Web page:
Print Edition - 2015-06-18 | MONEY
NRB’s dividend payments could drop due to quake
Jun 17, 2015-
The government is looking at a drop in dividend payments from Nepal Rastra Bank (NRB) from this year’s profits as three of its office buildings were damaged by the quake and the banking sector itself is going through hard times, a senior NRB official said.
NRB Deputy Governor Maha Prasad Adhikari said on Wednesday that dividends could drop significantly from last year’s figure of Rs7 billion due to the costs of rebuilding infrastructure destroyed in the disaster. According to him, NRB suffered losses amounting to Rs2 billion due to the damage caused to its buildings.
The deadly April 25 earthquake and aftershocks damaged three old buildings of the central bank at Baluwatar, Thapathali and Sundhara in Kathmandu. The central bank has been forced to relocate its offices elsewhere due to the destruction.
Besides the physical damage to the buildings, NRB’s earnings could be affected as the various fees that it collects from banks and financial institutions are likely to drop due to the damage suffered by the banking sector.
According to the Post-Disaster Need Assessment (PDNA) report, the financial sector that includes the insurance sector suffered the third largest business loss due to the earthquake after tourism and housing and human settlements. The business losses of the financial sector amount to Rs26.89 billion while the physical damage suffered by the sector has been valued at Rs4.39 billion.
Speaking at an interaction entitled Post-Quake Economic and Development Paradigm of Nepal organised by the Institute for Financial Education and Communication Nepal, Adhikari said that the central bank was committed to not letting any banking institution fail as a result of the earthquake.
The central bank has asked for the damage status of the properties and the collateral put up by borrowers so that it can devise the necessary policies to address them. In particular, the banking sector is vulnerable to defaults on home loans and real estate sector loans.
While banking is one of the sectors facing huge challenges, another sector that is in dire straits is the real estate sector. The Central Bureau of Statistics (CBS) in its recent National Account Estimate report said that the realty sector was expected to grow by just 0.77 percent against the anticipated 4.86 percent due to a downturn in real estate transactions and residential facilities in the wake of the disaster.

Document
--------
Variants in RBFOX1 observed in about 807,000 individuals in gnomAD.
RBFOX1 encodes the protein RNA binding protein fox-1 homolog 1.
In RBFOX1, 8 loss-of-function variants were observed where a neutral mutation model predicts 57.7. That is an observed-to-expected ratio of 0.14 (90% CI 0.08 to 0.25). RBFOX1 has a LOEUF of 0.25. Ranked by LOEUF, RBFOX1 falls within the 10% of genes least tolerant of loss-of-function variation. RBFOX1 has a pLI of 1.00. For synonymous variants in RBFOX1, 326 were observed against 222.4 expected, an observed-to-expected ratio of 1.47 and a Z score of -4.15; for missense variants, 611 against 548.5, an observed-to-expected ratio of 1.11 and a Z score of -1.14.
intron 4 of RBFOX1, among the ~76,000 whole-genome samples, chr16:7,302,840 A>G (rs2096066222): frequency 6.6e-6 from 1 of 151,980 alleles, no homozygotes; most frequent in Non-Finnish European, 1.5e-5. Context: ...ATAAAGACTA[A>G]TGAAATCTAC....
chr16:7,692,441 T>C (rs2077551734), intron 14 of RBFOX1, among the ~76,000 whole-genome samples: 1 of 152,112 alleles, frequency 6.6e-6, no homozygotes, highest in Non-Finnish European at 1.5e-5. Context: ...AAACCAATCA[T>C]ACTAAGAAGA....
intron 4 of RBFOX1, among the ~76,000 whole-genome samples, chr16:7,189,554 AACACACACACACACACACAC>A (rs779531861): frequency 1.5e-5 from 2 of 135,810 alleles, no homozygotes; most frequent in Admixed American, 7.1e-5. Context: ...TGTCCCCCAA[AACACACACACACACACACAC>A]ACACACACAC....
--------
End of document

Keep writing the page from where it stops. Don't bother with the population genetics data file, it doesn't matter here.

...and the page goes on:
National Planning Commission (NPC) Vice-Chairman Govinda Raj Pokharel said that as the real estate sector in the Kathmandu Valley was most likely to suffer with a drop in loans for housing projects, it should be developed outside the valley where there has been no or little impact from the quake. The suffering of the real estate sector is also a worry for the banking sector whose exposure to the sector is still high.
A trade deficit and inflation are other worries for the next fiscal year as road blocks caused by landslides and shrinking output will send prices skyrocketing. With domestic production likely to suffer, imports are bound to rise increasing the already high trade deficit.
The executive director of the Institute for Financial Education and Communication Nepal Achyut Wagle said a poor government mechanism could result in a risk of increasing inflation and trade deficit. “With the government failing to address the consumer cycle mainly in rural areas, it could affect rural production that could build up pressure for non-monetary inflation,” said Wagle.
Participants also criticised the government’s rehabilitation and reconstruction programmes for being urban-centred. Lack of coordination among government agencies, absence of accountability among the officials deployed in rural areas and absence of technically sound mechanism have also been blamed for the slow recovery and reconstruction process.
India to help Nepal’s recovery
Indian Ambassador to Nepal Ranjit Rae said India would now focus on helping the recovery programme of Nepal after helping it in relief measures. According to him, India has so far provided IRs6.4 billion in rescue and relief work for the earthquake victims. The Indian envoy urged the government to focus on financing for specific programmes at the micro level in earthquake-hit areas. “The major concern should be on developing capacity and ability to spend the funds effectively instead of just focusing on raising more money,” said Rae, adding that there was a need to spend on physical infrastructure, business enhancement and improvement of society’s wellbeing in the aftermath of the earthquake.
Published: 18-06-2015 08:19